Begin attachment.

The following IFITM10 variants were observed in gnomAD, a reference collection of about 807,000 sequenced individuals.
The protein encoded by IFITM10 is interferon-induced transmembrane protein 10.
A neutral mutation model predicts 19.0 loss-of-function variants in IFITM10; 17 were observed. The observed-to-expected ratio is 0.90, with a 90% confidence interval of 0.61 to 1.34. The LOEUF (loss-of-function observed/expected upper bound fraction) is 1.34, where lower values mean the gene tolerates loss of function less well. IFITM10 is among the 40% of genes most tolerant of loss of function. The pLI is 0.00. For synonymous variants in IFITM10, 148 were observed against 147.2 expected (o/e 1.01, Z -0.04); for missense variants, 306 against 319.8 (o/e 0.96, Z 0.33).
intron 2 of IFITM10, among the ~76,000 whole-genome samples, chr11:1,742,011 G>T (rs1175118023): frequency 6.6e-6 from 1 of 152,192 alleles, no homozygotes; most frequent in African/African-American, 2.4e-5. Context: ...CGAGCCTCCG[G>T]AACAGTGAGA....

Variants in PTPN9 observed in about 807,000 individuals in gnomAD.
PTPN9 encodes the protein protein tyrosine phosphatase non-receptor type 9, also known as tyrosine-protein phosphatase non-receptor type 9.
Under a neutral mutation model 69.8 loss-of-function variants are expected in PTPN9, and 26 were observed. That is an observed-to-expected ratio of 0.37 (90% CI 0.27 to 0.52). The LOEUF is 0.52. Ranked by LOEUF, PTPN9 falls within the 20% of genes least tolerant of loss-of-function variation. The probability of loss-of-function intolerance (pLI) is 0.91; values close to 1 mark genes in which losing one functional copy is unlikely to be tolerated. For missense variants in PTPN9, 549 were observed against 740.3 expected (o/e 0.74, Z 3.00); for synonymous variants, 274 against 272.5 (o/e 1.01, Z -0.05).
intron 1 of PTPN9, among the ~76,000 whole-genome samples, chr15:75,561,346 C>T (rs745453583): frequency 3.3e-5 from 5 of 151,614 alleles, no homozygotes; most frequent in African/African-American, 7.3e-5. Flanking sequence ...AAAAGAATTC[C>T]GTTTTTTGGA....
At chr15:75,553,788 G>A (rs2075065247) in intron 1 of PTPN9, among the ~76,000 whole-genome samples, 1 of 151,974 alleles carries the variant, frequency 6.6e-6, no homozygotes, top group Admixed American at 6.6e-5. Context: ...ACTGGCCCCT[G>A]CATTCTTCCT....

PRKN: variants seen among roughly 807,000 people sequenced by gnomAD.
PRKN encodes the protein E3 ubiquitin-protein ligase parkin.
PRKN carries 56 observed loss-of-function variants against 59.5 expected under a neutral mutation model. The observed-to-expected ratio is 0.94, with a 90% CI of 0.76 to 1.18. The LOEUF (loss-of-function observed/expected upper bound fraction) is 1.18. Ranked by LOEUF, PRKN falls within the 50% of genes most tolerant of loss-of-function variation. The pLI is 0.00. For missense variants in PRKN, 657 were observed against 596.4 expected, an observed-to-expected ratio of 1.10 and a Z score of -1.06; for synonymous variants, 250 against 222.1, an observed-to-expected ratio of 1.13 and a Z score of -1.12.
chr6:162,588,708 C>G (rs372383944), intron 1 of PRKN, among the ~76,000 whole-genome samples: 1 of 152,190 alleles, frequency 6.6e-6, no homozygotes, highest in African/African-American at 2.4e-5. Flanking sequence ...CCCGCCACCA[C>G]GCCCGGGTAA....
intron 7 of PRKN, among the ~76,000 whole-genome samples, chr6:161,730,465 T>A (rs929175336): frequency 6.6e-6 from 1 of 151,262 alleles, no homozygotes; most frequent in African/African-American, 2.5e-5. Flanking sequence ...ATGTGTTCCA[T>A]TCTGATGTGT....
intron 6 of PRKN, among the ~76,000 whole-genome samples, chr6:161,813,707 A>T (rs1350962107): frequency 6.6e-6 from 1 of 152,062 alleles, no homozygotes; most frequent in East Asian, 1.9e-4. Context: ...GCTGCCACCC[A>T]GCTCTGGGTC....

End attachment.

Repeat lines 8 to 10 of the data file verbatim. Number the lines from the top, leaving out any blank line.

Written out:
intron 1 of PTPN9, among the ~76,000 whole-genome samples, chr15:75,561,346 C>T (rs745453583): frequency 3.3e-5 from 5 of 151,614 alleles, no homozygotes; most frequent in African/African-American, 7.3e-5. Flanking sequence ...AAAAGAATTC[C>T]GTTTTTTGGA....
At chr15:75,553,788 G>A (rs2075065247) in intron 1 of PTPN9, among the ~76,000 whole-genome samples, 1 of 151,974 alleles carries the variant, frequency 6.6e-6, no homozygotes, top group Admixed American at 6.6e-5. Context: ...ACTGGCCCCT[G>A]CATTCTTCCT....

PRKN: variants seen among roughly 807,000 people sequenced by gnomAD.